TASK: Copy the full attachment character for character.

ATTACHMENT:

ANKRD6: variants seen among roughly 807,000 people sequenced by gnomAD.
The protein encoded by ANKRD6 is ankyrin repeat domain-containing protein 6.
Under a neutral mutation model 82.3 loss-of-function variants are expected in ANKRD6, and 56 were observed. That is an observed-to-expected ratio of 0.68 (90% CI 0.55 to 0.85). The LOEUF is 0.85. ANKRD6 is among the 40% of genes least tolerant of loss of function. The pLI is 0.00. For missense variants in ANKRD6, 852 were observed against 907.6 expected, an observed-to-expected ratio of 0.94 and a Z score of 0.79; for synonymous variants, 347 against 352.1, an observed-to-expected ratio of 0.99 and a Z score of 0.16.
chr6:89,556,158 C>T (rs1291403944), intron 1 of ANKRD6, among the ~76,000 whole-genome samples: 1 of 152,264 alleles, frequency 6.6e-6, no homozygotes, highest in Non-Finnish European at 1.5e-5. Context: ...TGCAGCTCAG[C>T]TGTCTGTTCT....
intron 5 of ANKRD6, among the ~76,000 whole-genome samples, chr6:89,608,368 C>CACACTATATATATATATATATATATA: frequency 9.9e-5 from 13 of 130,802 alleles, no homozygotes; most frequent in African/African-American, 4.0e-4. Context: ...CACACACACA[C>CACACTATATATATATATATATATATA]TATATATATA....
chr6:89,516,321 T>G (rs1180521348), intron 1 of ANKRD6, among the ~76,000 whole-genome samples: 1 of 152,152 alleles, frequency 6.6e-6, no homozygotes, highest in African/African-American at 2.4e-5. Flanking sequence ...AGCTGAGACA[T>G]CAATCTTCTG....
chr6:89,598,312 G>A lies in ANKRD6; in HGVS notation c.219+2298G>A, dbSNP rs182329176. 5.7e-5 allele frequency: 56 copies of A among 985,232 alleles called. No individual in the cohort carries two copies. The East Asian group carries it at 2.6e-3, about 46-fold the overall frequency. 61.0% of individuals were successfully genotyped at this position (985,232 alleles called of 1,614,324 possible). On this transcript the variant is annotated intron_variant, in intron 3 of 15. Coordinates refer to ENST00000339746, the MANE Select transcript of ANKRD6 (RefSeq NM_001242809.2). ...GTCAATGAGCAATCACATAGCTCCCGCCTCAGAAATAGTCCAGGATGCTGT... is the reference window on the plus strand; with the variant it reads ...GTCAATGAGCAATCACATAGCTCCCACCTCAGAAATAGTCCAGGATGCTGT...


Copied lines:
ANKRD6: variants seen among roughly 807,000 people sequenced by gnomAD.
The protein encoded by ANKRD6 is ankyrin repeat domain-containing protein 6.
Under a neutral mutation model 82.3 loss-of-function variants are expected in ANKRD6, and 56 were observed. That is an observed-to-expected ratio of 0.68 (90% CI 0.55 to 0.85). The LOEUF is 0.85. ANKRD6 is among the 40% of genes least tolerant of loss of function. The pLI is 0.00. For missense variants in ANKRD6, 852 were observed against 907.6 expected, an observed-to-expected ratio of 0.94 and a Z score of 0.79; for synonymous variants, 347 against 352.1, an observed-to-expected ratio of 0.99 and a Z score of 0.16.
chr6:89,556,158 C>T (rs1291403944), intron 1 of ANKRD6, among the ~76,000 whole-genome samples: 1 of 152,264 alleles, frequency 6.6e-6, no homozygotes, highest in Non-Finnish European at 1.5e-5. Context: ...TGCAGCTCAG[C>T]TGTCTGTTCT....
intron 5 of ANKRD6, among the ~76,000 whole-genome samples, chr6:89,608,368 C>CACACTATATATATATATATATATATA: frequency 9.9e-5 from 13 of 130,802 alleles, no homozygotes; most frequent in African/African-American, 4.0e-4. Context: ...CACACACACA[C>CACACTATATATATATATATATATATA]TATATATATA....
chr6:89,516,321 T>G (rs1180521348), intron 1 of ANKRD6, among the ~76,000 whole-genome samples: 1 of 152,152 alleles, frequency 6.6e-6, no homozygotes, highest in African/African-American at 2.4e-5. Flanking sequence ...AGCTGAGACA[T>G]CAATCTTCTG....
chr6:89,598,312 G>A lies in ANKRD6; in HGVS notation c.219+2298G>A, dbSNP rs182329176. 5.7e-5 allele frequency: 56 copies of A among 985,232 alleles called. No individual in the cohort carries two copies. The East Asian group carries it at 2.6e-3, about 46-fold the overall frequency. 61.0% of individuals were successfully genotyped at this position (985,232 alleles called of 1,614,324 possible). On this transcript the variant is annotated intron_variant, in intron 3 of 15. Coordinates refer to ENST00000339746, the MANE Select transcript of ANKRD6 (RefSeq NM_001242809.2). ...GTCAATGAGCAATCACATAGCTCCCGCCTCAGAAATAGTCCAGGATGCTGT... is the reference window on the plus strand; with the variant it reads ...GTCAATGAGCAATCACATAGCTCCCACCTCAGAAATAGTCCAGGATGCTGT...